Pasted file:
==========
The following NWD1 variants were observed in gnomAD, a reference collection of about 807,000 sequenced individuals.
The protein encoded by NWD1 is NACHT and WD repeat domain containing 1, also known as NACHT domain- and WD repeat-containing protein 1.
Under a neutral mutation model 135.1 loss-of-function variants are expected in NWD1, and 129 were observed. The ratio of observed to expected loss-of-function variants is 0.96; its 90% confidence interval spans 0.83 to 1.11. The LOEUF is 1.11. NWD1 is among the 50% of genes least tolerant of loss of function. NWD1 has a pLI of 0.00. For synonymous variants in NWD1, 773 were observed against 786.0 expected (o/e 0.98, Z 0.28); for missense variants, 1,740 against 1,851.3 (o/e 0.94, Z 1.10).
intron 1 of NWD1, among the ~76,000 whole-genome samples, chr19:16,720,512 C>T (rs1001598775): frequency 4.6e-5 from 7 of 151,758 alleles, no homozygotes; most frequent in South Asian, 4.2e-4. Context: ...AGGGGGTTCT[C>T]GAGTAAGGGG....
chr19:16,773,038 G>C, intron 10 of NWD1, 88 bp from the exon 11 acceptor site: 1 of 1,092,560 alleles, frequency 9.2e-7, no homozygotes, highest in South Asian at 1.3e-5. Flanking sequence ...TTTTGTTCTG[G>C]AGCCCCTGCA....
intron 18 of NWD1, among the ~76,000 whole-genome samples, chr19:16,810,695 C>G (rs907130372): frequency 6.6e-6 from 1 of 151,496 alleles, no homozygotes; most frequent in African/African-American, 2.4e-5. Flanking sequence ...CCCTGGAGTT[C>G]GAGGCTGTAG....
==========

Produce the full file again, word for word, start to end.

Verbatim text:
The following NWD1 variants were observed in gnomAD, a reference collection of about 807,000 sequenced individuals.
The protein encoded by NWD1 is NACHT and WD repeat domain containing 1, also known as NACHT domain- and WD repeat-containing protein 1.
Under a neutral mutation model 135.1 loss-of-function variants are expected in NWD1, and 129 were observed. The ratio of observed to expected loss-of-function variants is 0.96; its 90% confidence interval spans 0.83 to 1.11. The LOEUF is 1.11. NWD1 is among the 50% of genes least tolerant of loss of function. NWD1 has a pLI of 0.00. For synonymous variants in NWD1, 773 were observed against 786.0 expected (o/e 0.98, Z 0.28); for missense variants, 1,740 against 1,851.3 (o/e 0.94, Z 1.10).
intron 1 of NWD1, among the ~76,000 whole-genome samples, chr19:16,720,512 C>T (rs1001598775): frequency 4.6e-5 from 7 of 151,758 alleles, no homozygotes; most frequent in South Asian, 4.2e-4. Context: ...AGGGGGTTCT[C>T]GAGTAAGGGG....
chr19:16,773,038 G>C, intron 10 of NWD1, 88 bp from the exon 11 acceptor site: 1 of 1,092,560 alleles, frequency 9.2e-7, no homozygotes, highest in South Asian at 1.3e-5. Flanking sequence ...TTTTGTTCTG[G>C]AGCCCCTGCA....
intron 18 of NWD1, among the ~76,000 whole-genome samples, chr19:16,810,695 C>G (rs907130372): frequency 6.6e-6 from 1 of 151,496 alleles, no homozygotes; most frequent in African/African-American, 2.4e-5. Flanking sequence ...CCCTGGAGTT[C>G]GAGGCTGTAG....